Mason Wheeler (profile) says:

I … honestly had no idea that one was supposed to make legal decisions based on whether or not one had “the guts.” I had always assumed that this was the kind of thing that you need for bar brawls, rather than legal fights. But perhaps things are different down under.

Anyone else read this and immediately think of those silly “how to speak Australian” beer commercials from a few years back?

TechDescartes (profile) says:

Are You Sure?

I know that Gibson is a real lawyer, because he’s represented big famous clients in the press before, including this impressive TV appearance in which he is left “categorically denying” statements that his client appears to have made directly and then having to defend himself when the news anchor points out what his client has actually said.

Are you sure he’s a real lawyer, or does he just play one on TV?

procopius (profile) says:

Re: Re: Are You Sure?

The whole letter was a delight to read. My only complaint was that it was written at a high school reading level, probably too difficult for Mr. Gibson to easily understand. I’ve read that Trump speaks at a third grade level, which would probably be more suitable. By the way, IANAL, so it’s not as if the language was obscure or overly technical.

Anonymous Coward says:

Re: Are You Sure?

Are you sure …?

Am I sure that Mr Gibson is actually the person utilizing his Mills Oakley email account?

In the absence of other information that would tend to controvert that belief, it does seem reasonable to presume that Mr Stuart Gibson, of Melbourne, a partner at Mills Oakley Lawyers, is in control of the sgibson@millsoakley.com.au account that appeared on the head of the document we saw in the previous Techdirt story.

Why wouldn’t I believe that?

Anonymous Coward says:

Single Publication Rule

I didn’t know that there when you publish something on the internet that it’s considered published only at that time and not constantly. The one complaint I had about the issue was that I assumed since Techdirt continued to serve up the comment, that it was considered to be “published” each time, and that would reset the clock on the statute of limitations. Thanks for the info on that.

DannyB (profile) says:

Re: Single Publication Rule

If you publish something in a newspaper, wouldn’t it only be considered published that one time. If I find that newspaper in the stacks of my public library fifty years later, does that now mean it was published again fifty years later?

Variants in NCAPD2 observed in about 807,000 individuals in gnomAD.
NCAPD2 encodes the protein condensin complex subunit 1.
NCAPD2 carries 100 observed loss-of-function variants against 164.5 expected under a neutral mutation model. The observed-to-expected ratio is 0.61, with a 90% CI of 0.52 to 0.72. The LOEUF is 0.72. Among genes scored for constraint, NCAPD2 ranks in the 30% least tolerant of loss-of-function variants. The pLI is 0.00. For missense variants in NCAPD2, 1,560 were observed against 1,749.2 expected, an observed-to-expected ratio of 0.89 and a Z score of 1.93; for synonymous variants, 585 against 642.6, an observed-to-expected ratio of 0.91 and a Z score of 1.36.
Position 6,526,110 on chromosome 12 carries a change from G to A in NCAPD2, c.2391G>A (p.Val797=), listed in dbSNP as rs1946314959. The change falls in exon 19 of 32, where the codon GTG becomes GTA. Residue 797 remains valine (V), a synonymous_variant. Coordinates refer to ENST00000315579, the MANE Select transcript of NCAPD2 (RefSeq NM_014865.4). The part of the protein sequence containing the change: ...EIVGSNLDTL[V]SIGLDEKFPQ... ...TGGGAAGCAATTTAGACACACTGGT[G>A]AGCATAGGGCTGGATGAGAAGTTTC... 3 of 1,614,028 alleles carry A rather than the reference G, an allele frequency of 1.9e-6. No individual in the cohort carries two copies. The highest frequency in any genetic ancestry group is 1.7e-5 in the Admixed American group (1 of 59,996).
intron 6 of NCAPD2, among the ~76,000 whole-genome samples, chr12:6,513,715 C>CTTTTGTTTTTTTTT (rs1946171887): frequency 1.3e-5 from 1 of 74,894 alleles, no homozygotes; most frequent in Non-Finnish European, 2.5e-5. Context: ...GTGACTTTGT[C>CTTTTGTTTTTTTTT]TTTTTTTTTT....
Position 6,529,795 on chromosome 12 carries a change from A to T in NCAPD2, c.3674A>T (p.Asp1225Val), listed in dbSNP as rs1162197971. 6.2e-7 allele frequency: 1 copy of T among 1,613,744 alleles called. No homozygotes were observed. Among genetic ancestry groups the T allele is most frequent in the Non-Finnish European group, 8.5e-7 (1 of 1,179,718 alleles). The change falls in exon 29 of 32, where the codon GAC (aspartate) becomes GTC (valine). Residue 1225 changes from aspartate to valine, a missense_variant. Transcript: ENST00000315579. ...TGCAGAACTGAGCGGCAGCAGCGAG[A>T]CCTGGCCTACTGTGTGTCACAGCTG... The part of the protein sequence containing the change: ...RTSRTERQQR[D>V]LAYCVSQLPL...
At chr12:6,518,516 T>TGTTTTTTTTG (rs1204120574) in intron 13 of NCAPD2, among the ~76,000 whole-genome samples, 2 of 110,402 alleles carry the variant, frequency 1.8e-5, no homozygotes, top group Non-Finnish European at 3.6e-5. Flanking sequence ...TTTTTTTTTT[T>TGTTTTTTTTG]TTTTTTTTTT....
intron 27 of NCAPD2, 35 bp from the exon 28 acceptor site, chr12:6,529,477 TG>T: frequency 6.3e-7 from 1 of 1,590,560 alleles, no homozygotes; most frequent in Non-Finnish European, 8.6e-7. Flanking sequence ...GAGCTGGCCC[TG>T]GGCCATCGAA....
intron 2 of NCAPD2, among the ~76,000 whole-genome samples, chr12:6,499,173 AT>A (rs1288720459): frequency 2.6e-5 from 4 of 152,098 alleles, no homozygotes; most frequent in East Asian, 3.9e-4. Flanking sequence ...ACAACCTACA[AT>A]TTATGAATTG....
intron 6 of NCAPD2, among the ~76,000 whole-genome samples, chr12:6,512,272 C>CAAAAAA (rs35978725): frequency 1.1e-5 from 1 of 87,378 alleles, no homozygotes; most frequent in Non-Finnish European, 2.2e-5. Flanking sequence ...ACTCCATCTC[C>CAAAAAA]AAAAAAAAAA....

If you publish a book, and I find it in a public library or a bookstore fifty years later, does that now mean it was published again?

If you publish something on the intarweb tubes, and someone reads if fifty days later, does that now mean it was published again?

Anonymous Anonymous Coward says:

Stay or Go?

I am flabbergasted by the fact that Gibson seriously thinks Mike might spend a few grand and actually travel to Australia in order to place himself within a jurisdiction that Gibson might control, giving up all the rights he has if he does nothing. Especially since there is absolutely no reason he should.

This is not a case you should would want to highlight when selling your services.

Roger Strong (profile) says:

Re: Stay or Go?

Gibson is clearly channelling Donald Trump’s “We’ll build the wall and make Mexico pay for it” and other plans to enforce his policies in other countries.

On Obama’s 2012 re-election Donald Trump declared “We can’t let this happen. We should march on Washington and stop this travesty.” People joked that Trump thought he was Napoleon. And of course a person thinking that they’re Napoleon is a old cliché for mental illness.

Judging by Gibson, Trump really is the new Napoleon. Who knew?

tqk (profile) says:

Re: Stay or Go?

I am flabbergasted by the fact that Gibson seriously thinks Mike might spend a few grand and actually travel to Australia in order to place himself within a jurisdiction that Gibson might control …

Where’s your sense of adventure? I’d book a holiday for the whole family and write it off as a business expense. Think of the circus this Gibson’s offering TD.